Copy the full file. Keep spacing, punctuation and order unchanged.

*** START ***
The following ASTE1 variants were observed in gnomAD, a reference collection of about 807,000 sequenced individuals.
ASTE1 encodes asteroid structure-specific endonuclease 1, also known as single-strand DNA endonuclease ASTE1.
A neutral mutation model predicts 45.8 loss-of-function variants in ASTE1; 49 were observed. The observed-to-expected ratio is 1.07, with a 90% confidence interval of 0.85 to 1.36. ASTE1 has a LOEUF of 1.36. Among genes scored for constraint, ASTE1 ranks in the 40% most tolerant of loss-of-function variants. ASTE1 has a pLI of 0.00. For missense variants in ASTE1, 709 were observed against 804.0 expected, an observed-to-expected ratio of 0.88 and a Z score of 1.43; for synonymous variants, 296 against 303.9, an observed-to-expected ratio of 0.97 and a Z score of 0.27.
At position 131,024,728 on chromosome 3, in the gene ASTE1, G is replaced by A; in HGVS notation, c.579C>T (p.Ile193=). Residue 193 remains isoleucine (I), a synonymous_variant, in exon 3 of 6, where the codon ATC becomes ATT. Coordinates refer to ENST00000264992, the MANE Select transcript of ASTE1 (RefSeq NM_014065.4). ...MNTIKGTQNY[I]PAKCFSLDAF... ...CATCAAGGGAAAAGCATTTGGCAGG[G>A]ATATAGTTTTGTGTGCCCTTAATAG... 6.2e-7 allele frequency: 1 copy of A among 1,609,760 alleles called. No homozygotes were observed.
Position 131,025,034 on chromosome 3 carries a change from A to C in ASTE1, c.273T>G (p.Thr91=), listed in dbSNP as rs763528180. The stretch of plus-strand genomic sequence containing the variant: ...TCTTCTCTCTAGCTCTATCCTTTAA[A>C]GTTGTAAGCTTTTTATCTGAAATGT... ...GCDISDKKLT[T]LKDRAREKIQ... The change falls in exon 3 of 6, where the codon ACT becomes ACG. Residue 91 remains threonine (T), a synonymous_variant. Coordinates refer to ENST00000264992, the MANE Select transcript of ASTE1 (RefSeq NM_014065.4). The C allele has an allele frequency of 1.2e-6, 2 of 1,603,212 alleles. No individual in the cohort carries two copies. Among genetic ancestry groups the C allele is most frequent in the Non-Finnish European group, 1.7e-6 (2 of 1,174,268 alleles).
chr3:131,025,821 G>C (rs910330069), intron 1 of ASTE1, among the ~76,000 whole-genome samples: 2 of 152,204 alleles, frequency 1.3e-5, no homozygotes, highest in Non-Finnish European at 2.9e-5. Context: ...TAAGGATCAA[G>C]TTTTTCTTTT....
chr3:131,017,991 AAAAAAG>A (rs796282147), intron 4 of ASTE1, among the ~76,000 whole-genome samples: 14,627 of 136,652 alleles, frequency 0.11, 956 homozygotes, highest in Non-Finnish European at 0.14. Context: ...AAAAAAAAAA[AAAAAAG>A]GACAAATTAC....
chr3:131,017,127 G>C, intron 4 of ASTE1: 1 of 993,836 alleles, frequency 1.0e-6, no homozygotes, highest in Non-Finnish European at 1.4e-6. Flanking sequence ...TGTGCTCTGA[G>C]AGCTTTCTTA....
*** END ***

The following ASTE1 variants were observed in gnomAD, a reference collection of about 807,000 sequenced individuals.
ASTE1 encodes asteroid structure-specific endonuclease 1, also known as single-strand DNA endonuclease ASTE1.
A neutral mutation model predicts 45.8 loss-of-function variants in ASTE1; 49 were observed. The observed-to-expected ratio is 1.07, with a 90% confidence interval of 0.85 to 1.36. ASTE1 has a LOEUF of 1.36. Among genes scored for constraint, ASTE1 ranks in the 40% most tolerant of loss-of-function variants. ASTE1 has a pLI of 0.00. For missense variants in ASTE1, 709 were observed against 804.0 expected, an observed-to-expected ratio of 0.88 and a Z score of 1.43; for synonymous variants, 296 against 303.9, an observed-to-expected ratio of 0.97 and a Z score of 0.27.
At position 131,024,728 on chromosome 3, in the gene ASTE1, G is replaced by A; in HGVS notation, c.579C>T (p.Ile193=). Residue 193 remains isoleucine (I), a synonymous_variant, in exon 3 of 6, where the codon ATC becomes ATT. Coordinates refer to ENST00000264992, the MANE Select transcript of ASTE1 (RefSeq NM_014065.4). ...MNTIKGTQNY[I]PAKCFSLDAF... ...CATCAAGGGAAAAGCATTTGGCAGG[G>A]ATATAGTTTTGTGTGCCCTTAATAG... 6.2e-7 allele frequency: 1 copy of A among 1,609,760 alleles called. No homozygotes were observed.
Position 131,025,034 on chromosome 3 carries a change from A to C in ASTE1, c.273T>G (p.Thr91=), listed in dbSNP as rs763528180. The stretch of plus-strand genomic sequence containing the variant: ...TCTTCTCTCTAGCTCTATCCTTTAA[A>C]GTTGTAAGCTTTTTATCTGAAATGT... ...GCDISDKKLT[T]LKDRAREKIQ... The change falls in exon 3 of 6, where the codon ACT becomes ACG. Residue 91 remains threonine (T), a synonymous_variant. Coordinates refer to ENST00000264992, the MANE Select transcript of ASTE1 (RefSeq NM_014065.4). The C allele has an allele frequency of 1.2e-6, 2 of 1,603,212 alleles. No individual in the cohort carries two copies. Among genetic ancestry groups the C allele is most frequent in the Non-Finnish European group, 1.7e-6 (2 of 1,174,268 alleles).
chr3:131,025,821 G>C (rs910330069), intron 1 of ASTE1, among the ~76,000 whole-genome samples: 2 of 152,204 alleles, frequency 1.3e-5, no homozygotes, highest in Non-Finnish European at 2.9e-5. Context: ...TAAGGATCAA[G>C]TTTTTCTTTT....
chr3:131,017,991 AAAAAAG>A (rs796282147), intron 4 of ASTE1, among the ~76,000 whole-genome samples: 14,627 of 136,652 alleles, frequency 0.11, 956 homozygotes, highest in Non-Finnish European at 0.14. Context: ...AAAAAAAAAA[AAAAAAG>A]GACAAATTAC....
chr3:131,017,127 G>C, intron 4 of ASTE1: 1 of 993,836 alleles, frequency 1.0e-6, no homozygotes, highest in Non-Finnish European at 1.4e-6. Flanking sequence ...TGTGCTCTGA[G>C]AGCTTTCTTA....